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PUERTO RICO REPORT
In Puerto Rico, Local Politics Always Come First
by Lance Oliver
August 6, 1999
Copyright © 1999 THE PUERTO RICO HERALD. All Rights Reserved.
SAN JUAN, PUERTO RICO - Imagine the governor of Tennessee or California
suggesting that maybe Fidel Castro could help out with a dispute
between his state and Washington.
No wonder some people were taken by surprise when Gov. Pedro
Rosselló suggested that maybe overtures could be made to
Cuba in order to help get Puerto Rico back on the United Nations'
list of nonself-governing territories. By suggesting he would
welcome the Castro regime's help, Rosselló was going where
no governor of the 50 states would ever go.
The explanation is simple, but it's one that's easier seen
in San Juan than from the vantage point of Washington, or anywhere
else in the states. It's one of the basic truisms of Puerto Rico
politics: local politics trumps U.S. national politics every time.
Combined with another truism, that status forms the basis for
Puerto Rico politics, that means that Rosselló will ponder
overtures even to a so-called enemy of the state such as Castro.
No stateside politician would dare raise Castro's name, except
perhaps to criticize him. There's little or nothing to be gained
and, potentially, votes to be lost by appearing soft on Cuba.
But Rosselló's eye is on statehood, and anyone or anything
that can advance that cause is worthy of consideration, in his
The fact that local politics always outweighs national politics
is often overlooked or not understood by those outside Puerto
Rico, especially U.S. politicians who only swing through the island
once every few years to raise money. The reference points they
use elsewhere do not apply in Puerto Rico. Republican and Democrat
are terms of weak affiliation or no meaning at all, for most people
on the island, and liberal and conservative tags don't translate
One of the healthy effects of the U.S. House of Representatives
vote on the Young bill on March 4, 1998 was that it revealed the
true nature of the relationships between the political parties
in the United States and those in Puerto Rico.
For 40 years the Republican Party has officially supported
statehood in its national campaign platforms. But when the Young
bill (sponsored by a Republican, supported by a Republican speaker)
was introduced in 1998 and came to a vote in the House, Republicans
lined up to vote against it in overwhelming numbers.
At the same time, commonwealth supporters got a reality check
that was equally difficult to swallow. Some of the most passionate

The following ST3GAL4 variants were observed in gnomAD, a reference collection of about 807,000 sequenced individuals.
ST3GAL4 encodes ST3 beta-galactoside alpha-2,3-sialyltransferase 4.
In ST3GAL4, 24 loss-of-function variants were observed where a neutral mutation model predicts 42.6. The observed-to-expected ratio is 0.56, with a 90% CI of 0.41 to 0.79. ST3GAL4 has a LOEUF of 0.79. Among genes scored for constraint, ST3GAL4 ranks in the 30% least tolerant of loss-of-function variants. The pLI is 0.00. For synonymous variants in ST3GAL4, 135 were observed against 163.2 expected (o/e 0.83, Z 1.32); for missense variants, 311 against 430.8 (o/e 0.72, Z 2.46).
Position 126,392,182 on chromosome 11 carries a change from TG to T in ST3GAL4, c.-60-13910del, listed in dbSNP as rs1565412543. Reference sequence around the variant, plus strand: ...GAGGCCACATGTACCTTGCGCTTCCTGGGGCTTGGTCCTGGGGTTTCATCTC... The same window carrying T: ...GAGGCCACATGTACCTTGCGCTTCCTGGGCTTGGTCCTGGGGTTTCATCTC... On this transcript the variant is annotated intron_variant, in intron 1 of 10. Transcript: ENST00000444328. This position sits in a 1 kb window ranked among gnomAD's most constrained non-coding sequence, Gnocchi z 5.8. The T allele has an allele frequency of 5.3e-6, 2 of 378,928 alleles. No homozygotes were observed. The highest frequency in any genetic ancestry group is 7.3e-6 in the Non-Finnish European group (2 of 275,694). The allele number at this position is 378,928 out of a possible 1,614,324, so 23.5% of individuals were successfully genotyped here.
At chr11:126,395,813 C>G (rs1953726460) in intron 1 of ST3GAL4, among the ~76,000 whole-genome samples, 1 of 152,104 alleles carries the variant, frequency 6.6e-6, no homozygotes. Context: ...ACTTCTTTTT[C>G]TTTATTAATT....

arguments in favor of statehood came from Democrats. We thought
the Kennedys were on our side, they lamented as Rep. Patrick Kennedy,
a Rhode Island Democrat, pounded the table for statehood.
The Popular Democratic Party made a public show of announcing
its intentions to conduct a reappraisal of its support for the
Democratic Party. When it came to choosing between supporting
commonwealth or maintaining friendly ties with the Democrats,
it was no contest.
One more example of local politics overriding national politics
cropped up in last year's close U.S. Senate race in New York.
Rosselló is an avowed Democrat who has paid his dues with
the party by campaigning for candidates and holding offices such
as president of the Democratic Governors Association, but former
Republican Sen. Alfonse D'Amato was friendly to the statehood
cause. In a bitter and expensive race that was perhaps more important
to the two political parties than any other in the country last
year, Rosselló had kind words to say about D'Amato and
did nothing for his fellow Democrats.
So on one hand we have Castro, who is about as far left as
you can get among heads of state in this hemisphere. And on the
other hand we have D'Amato, and nobody has ever had trouble determining
that he belongs firmly wedged on the right side of the U.S. political
If you'll collaborate with those two in order to advance your
cause, it's clear you're not a prisoner to political ideology,
much less the Democratic or Republican parties.
It should no longer be any surprise to U.S. politicians when
a statehooder (or a commonwealth or independence supporter either,
for that matter) places allegiance to stateside political parties
behind the status concerns that are the true motivating factors
in Puerto Rican politics. After all, the status question deals
with the future of the Puerto Rican people. Compared to that,
this Democrat-Republican stuff looks like just a high-stakes game
to see who wins the spoils of power for the next four years.
Lance Oliver writes The Puerto Rico Report weekly
for The Puerto Rico Herald. He can be reached by email